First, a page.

Retail and Wholesale
Around 8.6 million people are working in both the retail and wholesale sectors in Bangladesh (BBS, 2018). Many of these workers work in the small local stores, motor repair shops, and roadside tea stalls. A large number of them also work as street vendors or vegetable/fruit sellers. Hundreds of vendors in Dhaka run shops outside permanent structures, and carry their commodities in small hand carts. Abdul Karim, a 45 year old door-mat seller, broke into tears when asked about his loss of income during the lockdown period in the Mirpur area. He revealed that as many as 5 people are dependent on his income and he currently has no money left to buy food. In his words, “we have been eating only boiled potatoes for the last 5 days. My children are hungry. I never begged in life, but now I am left with no other choice but to beg.”
The several street vendors whom I have managed to talk to during the lockdown period in Dhanmondi all revealed similar realities. Most seemed angry as they felt completely left out. Many felt that a hurried plan for a ‘lockdown’ should have been followed by a proper scheme of relief programs for the informal workers.
Transport and Agriculture
It is important to note that an estimated 5.2 million workers are employed in the transport sector which includes drivers and helpers working in nearly 2 hundred thousand buses, trucks, minibuses, pick up vans, ambulances, and other different categories of human haulers. The lockdown announcement not only led to the loss of income for the transport workers, the stagnation in transportation has also caused a tragic collapse of the food supply chain. Firstly, farmers are unable to transport their grown vegetables to the wholesale market. Taking advantage of the transport crisis, a type of syndicate has quickly been formed with the intention of purchasing vegetables and other food grains from the farmers at a very low cost. Meanwhile, local administrations have shown no real commitment or capacity to keep the local supply chain functional. As a result, a massive amount of seasonal vegetables remain unsold in the villages. While farmers have fallen into deep distress with their seasonal produce rotting in the field, the price of vegetable skyrocketed in the capital city. Starvation, on the other hand, is in sharp rise.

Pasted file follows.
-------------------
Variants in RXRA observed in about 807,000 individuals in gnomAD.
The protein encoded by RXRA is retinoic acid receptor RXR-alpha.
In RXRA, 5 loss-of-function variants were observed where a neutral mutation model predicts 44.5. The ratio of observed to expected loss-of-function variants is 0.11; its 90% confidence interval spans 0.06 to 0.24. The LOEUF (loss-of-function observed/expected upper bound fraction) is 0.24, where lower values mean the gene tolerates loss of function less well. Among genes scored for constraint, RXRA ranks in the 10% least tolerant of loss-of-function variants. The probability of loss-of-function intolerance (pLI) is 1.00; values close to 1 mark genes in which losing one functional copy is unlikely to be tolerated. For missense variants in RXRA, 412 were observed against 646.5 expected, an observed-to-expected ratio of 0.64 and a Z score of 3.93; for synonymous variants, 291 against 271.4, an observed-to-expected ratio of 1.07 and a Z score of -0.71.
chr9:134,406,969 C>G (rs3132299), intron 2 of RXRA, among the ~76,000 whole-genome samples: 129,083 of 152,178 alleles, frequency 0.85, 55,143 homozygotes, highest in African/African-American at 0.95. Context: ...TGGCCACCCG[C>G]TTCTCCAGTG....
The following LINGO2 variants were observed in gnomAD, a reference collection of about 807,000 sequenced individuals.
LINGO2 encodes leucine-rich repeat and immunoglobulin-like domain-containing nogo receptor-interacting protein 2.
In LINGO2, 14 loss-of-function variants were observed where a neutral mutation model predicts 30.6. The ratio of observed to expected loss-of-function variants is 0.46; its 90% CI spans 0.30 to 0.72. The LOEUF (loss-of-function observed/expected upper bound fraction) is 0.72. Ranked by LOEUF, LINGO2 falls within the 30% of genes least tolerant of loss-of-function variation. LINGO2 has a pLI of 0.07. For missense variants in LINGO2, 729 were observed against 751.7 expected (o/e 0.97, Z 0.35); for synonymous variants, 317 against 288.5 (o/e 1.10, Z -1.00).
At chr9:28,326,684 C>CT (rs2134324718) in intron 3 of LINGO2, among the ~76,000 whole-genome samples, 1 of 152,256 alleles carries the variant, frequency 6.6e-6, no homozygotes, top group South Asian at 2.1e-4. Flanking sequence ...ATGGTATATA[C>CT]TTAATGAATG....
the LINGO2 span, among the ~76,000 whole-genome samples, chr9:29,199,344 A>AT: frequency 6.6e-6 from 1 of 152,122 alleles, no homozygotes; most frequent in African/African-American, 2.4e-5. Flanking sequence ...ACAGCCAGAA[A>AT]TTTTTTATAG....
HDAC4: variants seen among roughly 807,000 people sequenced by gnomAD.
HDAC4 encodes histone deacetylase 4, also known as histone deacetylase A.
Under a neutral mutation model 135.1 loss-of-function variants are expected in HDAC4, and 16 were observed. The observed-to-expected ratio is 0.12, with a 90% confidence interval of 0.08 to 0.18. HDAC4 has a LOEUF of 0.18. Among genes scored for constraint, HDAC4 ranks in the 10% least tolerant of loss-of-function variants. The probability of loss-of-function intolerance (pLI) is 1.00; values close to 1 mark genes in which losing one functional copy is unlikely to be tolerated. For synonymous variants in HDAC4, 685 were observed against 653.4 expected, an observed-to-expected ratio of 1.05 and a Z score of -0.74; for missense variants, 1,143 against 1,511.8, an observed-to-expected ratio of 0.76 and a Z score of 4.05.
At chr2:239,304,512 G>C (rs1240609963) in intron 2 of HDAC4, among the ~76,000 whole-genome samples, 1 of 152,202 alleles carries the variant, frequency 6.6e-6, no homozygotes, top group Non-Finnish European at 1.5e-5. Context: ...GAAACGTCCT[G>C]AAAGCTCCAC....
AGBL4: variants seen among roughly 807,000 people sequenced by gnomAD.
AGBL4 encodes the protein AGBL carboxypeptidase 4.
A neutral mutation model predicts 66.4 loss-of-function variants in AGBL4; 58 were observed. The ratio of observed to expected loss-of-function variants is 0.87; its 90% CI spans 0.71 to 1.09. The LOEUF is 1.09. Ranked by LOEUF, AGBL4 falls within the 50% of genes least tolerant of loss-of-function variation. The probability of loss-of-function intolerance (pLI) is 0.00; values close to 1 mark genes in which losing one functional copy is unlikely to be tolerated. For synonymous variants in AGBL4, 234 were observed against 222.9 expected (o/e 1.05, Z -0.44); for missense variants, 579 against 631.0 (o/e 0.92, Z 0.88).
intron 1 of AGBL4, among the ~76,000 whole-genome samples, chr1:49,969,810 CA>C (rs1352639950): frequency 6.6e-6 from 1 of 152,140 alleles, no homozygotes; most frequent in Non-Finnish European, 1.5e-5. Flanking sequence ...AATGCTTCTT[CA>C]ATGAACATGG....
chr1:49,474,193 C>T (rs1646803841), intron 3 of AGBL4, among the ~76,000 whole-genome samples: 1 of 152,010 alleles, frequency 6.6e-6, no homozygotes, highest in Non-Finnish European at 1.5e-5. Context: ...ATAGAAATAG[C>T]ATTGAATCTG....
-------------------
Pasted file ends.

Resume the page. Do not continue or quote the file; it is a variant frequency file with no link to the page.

Recovery and Reality
It is important to note that the Bangladesh government has declared several financial recovery packages to tackle the resulting economic crisis. A $5 billion dollar loan package is announced for the export oriented industries (including garments, shrimp, and leather) at a subsidized interest rate, while the agricultural sector has been majorly neglected (Daily Star, 2020). The informal sector employees are promised to be given a direct cash benefit of $90 million (New Age, 2020) which is clearly not sufficient for the 20 million people who have been directly affected by the crisis. Even if the package were rightly disbursed to the affected ones, each family is expected to receive a mere 3 dollars from the package. This is perhaps a classic example of the state’s sheer lack of commitment and accountability to the working class.
COVID-19 has revealed a number of important realities in Bangladesh. Firstly, a decade of high economic growth has completely failed to distribute its benefits among the majority of the population. The collapse of the health sector and the insufficiency of existing social safety nets have exposed the lack of institutional capacity of the regime which has exclusively focused on the construction of highly expensive mega infrastructure development projects for more than a decade. It is clear that only a small section of the society in Bangladesh can afford to remain at home, while millions are left with no other choice but to search for food on the streets, exposing themselves to further risks of infection.
While the health sector is struggling to keep up with the spiraling number of cases, loss of income and lack of access to food has compelled thousands of informal sector workers in the country to defy lockdown measures, leading to potentially rapid transmission of the virus. In other words, high levels of social inequality and an absence of social safety nets have made a ‘Western style lockdown model’ disproportionately hazardous to most Bangladeshis.
(BBS) Bangladesh Bureau of Statistics. Labor Force Survey, Bangladesh 2016-2017. Ministry of Planning. 2018.
Daily Bonikbarta. Kormohin Pray dui Koti Bekar (Around 20 million without work). March 31, 2020.
Daily Star. PM unveils Tk 72,750cr package to address the impact of corona virus. April 5, 2020.
(IEDCR) Institute of Epidemiology, Disease Control and Research. Government of Bangladesh.
New Age. Tk 760cr cash incentive for jobless informal workers: PM. April 13, 2020